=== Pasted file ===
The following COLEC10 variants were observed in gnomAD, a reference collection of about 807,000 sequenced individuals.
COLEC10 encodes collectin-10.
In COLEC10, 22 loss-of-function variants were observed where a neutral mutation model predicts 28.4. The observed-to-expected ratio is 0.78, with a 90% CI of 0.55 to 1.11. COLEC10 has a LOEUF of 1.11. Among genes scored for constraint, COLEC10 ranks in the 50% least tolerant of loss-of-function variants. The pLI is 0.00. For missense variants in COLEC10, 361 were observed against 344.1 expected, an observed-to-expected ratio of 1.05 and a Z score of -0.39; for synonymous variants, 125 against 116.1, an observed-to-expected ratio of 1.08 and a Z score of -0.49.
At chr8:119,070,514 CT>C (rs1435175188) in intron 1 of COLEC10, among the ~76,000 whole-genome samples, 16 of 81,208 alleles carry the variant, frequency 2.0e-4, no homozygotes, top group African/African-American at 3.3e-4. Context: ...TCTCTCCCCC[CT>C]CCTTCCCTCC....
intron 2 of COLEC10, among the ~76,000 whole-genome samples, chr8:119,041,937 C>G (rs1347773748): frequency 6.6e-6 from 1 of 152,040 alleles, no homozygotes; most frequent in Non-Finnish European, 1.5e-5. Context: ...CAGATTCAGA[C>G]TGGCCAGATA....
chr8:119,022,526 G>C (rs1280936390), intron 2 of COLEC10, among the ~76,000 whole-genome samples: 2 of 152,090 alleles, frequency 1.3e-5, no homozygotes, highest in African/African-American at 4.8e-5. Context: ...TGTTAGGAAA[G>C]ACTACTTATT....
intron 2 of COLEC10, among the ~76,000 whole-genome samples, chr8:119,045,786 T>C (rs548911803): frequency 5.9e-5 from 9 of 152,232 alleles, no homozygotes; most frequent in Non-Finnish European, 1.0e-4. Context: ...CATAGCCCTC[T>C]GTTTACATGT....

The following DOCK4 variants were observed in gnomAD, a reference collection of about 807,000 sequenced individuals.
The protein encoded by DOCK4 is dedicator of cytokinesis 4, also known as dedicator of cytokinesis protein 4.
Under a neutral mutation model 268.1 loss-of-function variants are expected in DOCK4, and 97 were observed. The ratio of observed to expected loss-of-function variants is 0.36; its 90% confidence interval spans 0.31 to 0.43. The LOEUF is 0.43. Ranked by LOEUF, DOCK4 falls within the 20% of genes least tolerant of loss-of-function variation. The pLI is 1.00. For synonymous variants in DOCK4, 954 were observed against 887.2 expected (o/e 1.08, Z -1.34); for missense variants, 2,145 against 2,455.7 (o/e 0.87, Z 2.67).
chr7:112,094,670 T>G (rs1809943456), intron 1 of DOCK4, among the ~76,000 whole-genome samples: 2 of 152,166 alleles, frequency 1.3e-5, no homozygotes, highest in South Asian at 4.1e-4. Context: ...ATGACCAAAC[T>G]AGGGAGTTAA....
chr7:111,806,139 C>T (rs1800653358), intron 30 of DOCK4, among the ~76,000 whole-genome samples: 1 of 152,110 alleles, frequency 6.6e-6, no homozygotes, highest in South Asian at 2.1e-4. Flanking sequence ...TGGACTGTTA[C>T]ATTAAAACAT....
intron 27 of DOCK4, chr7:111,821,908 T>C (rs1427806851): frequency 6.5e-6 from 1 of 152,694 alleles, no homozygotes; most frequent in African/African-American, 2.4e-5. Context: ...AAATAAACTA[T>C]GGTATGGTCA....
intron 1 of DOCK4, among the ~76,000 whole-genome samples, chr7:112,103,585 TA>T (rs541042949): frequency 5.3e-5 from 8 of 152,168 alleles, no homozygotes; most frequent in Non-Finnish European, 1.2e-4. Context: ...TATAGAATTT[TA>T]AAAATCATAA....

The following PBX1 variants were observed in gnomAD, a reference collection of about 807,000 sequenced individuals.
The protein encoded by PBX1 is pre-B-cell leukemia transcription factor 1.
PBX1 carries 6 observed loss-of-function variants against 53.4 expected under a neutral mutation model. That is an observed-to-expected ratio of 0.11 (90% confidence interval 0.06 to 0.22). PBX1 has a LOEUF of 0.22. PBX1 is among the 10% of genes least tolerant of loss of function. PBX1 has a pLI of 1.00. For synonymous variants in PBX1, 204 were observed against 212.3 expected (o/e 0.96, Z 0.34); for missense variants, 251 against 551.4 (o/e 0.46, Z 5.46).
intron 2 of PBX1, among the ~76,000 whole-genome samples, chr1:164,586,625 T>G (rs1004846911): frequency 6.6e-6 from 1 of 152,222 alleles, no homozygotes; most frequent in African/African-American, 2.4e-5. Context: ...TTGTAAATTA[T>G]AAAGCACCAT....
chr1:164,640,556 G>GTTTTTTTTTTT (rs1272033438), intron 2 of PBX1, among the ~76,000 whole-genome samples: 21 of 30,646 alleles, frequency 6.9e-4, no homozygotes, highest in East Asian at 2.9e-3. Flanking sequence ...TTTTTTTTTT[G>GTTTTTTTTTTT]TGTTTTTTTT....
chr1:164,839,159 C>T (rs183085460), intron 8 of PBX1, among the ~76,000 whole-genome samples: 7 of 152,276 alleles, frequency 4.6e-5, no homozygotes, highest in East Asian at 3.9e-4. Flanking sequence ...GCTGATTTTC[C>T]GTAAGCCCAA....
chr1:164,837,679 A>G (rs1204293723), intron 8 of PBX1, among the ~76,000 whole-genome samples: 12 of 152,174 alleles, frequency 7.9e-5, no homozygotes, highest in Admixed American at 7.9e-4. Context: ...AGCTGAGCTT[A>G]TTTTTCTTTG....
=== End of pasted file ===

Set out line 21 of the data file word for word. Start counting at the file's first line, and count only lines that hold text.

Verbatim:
chr1:164,837,679 A>G (rs1204293723), intron 8 of PBX1, among the ~76,000 whole-genome samples: 12 of 152,174 alleles, frequency 7.9e-5, no homozygotes, highest in Admixed American at 7.9e-4. Context: ...AGCTGAGCTT[A>G]TTTTTCTTTG....